Questioning

Miss Who-What-When-Where-How-Why-Watchamacallit

This was one of the nicknames my dad used to call me when I was a young child. Like all children, I had a natural curiosity about life. But as a transracial intercountry adoptee, it was more than just curiosity. In addition to an innate, human drive to learn, questioning everything had become habit.

When a baby is born, it can immediately recognise its mother’s face and her smell. But what if a baby is denied her mother?
When a baby is born, the mother’s body is geared up and ready to deliver nutrient- and antibody-rich milk to her newborn. But what if a new mother is denied her baby?
How can taking a baby away from his mother the moment he’s born be ok? Is it?
How come we can’t adopt a kitten from the animal shelter until it is at least 2-3 months old?

Why does the baby monkey always choose to cling to the soft puppet that looks like a monkey instead of the wire one? And why do they keep doing this test to baby monkeys and the mothers? Doesn’t it make them sad?

Where am I REALLY from? Why don’t I “feel” American? What’s my culture?
How can I call myself Colombian or Latina when my verbal command of Spanish doesn’t reach beyond the present tenses and a decent grasp of basic vocabulary?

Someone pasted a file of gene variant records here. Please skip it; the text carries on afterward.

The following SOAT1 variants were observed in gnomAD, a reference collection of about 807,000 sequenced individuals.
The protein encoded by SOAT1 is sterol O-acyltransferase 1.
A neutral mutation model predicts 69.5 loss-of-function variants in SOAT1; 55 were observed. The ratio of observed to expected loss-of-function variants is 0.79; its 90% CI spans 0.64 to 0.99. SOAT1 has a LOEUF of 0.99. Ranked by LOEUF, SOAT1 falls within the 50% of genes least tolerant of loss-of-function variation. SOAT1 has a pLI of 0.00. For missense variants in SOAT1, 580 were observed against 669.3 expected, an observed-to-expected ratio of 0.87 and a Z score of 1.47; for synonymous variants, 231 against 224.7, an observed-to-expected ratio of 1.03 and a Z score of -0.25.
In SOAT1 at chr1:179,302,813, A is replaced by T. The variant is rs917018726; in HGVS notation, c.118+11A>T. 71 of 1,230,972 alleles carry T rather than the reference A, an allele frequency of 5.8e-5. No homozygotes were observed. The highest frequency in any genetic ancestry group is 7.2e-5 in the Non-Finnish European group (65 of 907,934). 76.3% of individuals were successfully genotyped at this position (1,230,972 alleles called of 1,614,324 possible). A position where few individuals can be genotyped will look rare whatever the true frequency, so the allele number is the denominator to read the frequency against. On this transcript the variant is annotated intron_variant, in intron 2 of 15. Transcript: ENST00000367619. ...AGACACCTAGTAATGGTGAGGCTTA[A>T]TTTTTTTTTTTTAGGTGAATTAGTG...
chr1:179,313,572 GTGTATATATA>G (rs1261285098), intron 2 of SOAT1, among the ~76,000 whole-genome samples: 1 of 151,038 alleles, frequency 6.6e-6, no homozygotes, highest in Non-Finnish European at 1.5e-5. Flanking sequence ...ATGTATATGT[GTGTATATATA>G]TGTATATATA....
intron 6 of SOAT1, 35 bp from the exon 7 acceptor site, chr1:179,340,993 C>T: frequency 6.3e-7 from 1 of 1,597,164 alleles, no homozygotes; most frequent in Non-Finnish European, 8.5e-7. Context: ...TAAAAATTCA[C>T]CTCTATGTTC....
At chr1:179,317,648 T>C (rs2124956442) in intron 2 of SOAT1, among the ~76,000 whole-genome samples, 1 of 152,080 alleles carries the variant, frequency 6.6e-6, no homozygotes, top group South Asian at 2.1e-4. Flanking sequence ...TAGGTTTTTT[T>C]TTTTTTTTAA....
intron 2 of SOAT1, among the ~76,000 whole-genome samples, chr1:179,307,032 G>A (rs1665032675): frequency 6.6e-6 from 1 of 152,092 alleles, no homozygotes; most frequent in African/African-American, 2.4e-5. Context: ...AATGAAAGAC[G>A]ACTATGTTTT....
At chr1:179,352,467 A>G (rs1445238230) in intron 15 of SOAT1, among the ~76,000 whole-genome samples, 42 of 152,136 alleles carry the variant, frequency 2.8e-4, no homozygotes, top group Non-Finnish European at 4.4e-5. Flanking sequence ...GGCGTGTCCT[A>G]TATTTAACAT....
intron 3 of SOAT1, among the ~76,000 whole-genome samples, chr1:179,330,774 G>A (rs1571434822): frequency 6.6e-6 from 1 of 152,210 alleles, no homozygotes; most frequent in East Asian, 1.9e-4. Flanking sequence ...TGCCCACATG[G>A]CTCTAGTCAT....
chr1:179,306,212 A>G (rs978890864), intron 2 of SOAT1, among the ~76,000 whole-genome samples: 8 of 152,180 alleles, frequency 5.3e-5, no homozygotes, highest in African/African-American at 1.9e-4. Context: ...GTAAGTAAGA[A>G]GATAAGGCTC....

What does nationality mean to me?
How do I self-identify?

Can any adoption that involves an exchange of money be ethical?
How can society accept poverty as a reason to suggest adoption as a solution to a pregnant woman seeking help?

How do I heal from my losses and trauma?

Do I ask too many questions?
What happens if “we” as a collective stop questioning things?
What can I do to give back to the adoptee community who have taught and supported me so much?

A few years ago, when the topic of institutionalised racism came up, a woman told me she didn’t need to think about or question the status quo because those are issues “that have nothing to do with me.” She further advised me, “Try to smile at life…” and
“… take it with lightness and laughter,” instead of asking hard questions and talking about such a “painful” topic.

Now, anyone who knows me knows I love to laugh and to live life by doing. But I also question nearly everything, my beliefs included. I absolutely do not think it is mutually exclusive to expect these two things to go together – to enjoy life and laughter AND question things, especially systems that hurt or disadvantage people (often people who are already disadvantaged in some way). Both go a very long way to creating healthy individuals, and, in turn, healthy societies.

About Abby Hilty

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